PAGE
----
Snow boots, or: Sandals

A limerick Stubborn, I flout those "cold weather blues". What? Snow boots? Nay, I must refuse! In fact, if you must know, Those footprints in the snow Were made sandaled, for I eschew shoes! d'Verse poetics prompt: Come sing with me! At d'Verse, poets were encouraged to use at least two of the following wintry… Continue reading Snow boots, or: Sandals

The Beyonder, or: Creativity forms verses

Sangeetha & David's new poetry project Once upon a time, two poets who'd never met in person began writing verses back and forth over the Internet. Their first project took them some nine months: a 100 verse Hyakuin. Once they'd completed their first oeuvre, they continued their journey together; Sangeetha came up with a fun… Continue reading The Beyonder, or: Creativity forms verses

Orange hue, or: Hanging nimbly

A "Bridges" poem An ode to the Golden Gate Bridge "International Orange" its famed vivid hue; Visible through thick fog; bold against vast skies blue; Bay to ocean... In earthquakes and strong winds it vibrates flexibly; This great, sturdy marvel, hanging nimbly... Made for motion. โ€˜What do you seeโ€™ Prompt #163 This "bridges" poem was… Continue reading Orange hue, or: Hanging nimbly

Here, there, or: Everywhere

A Cleave poem In the form of two haiku chameleon eyes independently mobile with three-sixty arcs cast images upon the brain all-seeing these two chameleon eyes How to read a Cleave poem? Simply: Read the left hand poem as a first discrete poem. Read the right hand poem as a second discrete poem. Read the… Continue reading Here, there, or: Everywhere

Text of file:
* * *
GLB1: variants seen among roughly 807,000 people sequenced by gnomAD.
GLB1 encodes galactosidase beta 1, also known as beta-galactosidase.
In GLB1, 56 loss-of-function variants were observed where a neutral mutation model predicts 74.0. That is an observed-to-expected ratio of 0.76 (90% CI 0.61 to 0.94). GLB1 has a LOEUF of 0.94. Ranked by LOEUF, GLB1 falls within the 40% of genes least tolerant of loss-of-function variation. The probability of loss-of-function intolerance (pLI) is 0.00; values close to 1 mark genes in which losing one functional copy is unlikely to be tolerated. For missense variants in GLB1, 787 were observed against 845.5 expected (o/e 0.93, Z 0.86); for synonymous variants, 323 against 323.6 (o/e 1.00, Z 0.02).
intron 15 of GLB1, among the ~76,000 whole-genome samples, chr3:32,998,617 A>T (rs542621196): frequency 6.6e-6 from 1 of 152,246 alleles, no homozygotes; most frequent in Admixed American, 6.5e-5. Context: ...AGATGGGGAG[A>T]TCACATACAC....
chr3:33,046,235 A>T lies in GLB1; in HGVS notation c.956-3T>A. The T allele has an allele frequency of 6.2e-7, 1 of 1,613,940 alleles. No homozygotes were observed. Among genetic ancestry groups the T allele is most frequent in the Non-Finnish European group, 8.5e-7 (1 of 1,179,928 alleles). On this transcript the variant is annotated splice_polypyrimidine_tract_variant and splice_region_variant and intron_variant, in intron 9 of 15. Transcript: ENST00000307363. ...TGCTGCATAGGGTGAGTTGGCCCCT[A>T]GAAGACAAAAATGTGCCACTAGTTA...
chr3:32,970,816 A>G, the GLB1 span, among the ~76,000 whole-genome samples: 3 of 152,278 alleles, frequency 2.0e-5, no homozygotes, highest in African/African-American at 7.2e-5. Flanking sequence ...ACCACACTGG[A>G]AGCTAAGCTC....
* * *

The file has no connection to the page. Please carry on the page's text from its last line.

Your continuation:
REBLOG: ‘Crown Shadorma’ by Sylvia Cognac

Poem: On the side She explains their rules Formal dress Ladies first Put down checks in front of men Never fraternize Six a.m. I smile at Adam Fake a grin My boss says Iโ€™m lucky to serve rich men I should be grateful Iโ€™m grateful For Mister Burton He holds me By the hand Excessive… Continue reading REBLOG: ‘Crown Shadorma’ by Sylvia Cognac

Being dismissed, or: Death sentence

An American sentence: Being dismissed from the hospital, for some, is like a death sentence. What's an 'American Sentence'? Allen Ginsberg, inventor of the American Sentence, felt that the haiku didnโ€™t work as well in English. Ginsberg decided to remove the line structure of the haiku, maintaining the requirement of 17 syllables total. He felt… Continue reading Being dismissed, or: Death sentence

The quack, or: His practice

This pseudo- medical professional Drew conclusion odd, nonsensical; His eccentricity made me skeptical, For he employed jargon none too technical. Wildly, he declared: Nothin' hypothetical! Your testicles hang grossly asymmetrical! Wha- You think it imperceptible? No, trust me- My specialization's geometrical! With my doc's tools metrical- they'll come out identical! Moonwashed Weekly Prompt Nonsensical

Free speech, or: A fortune

A 'Septolet' Russiaโ€™s military fortunes in Ukraine continue deteriorating. Russia intensifies its crackdown on free speech. Septolet? The Septolet is a poem consisting of seven lines containing fourteen words with a break anywhere in between the two parts. Both parts deal with the same thought and create a picture.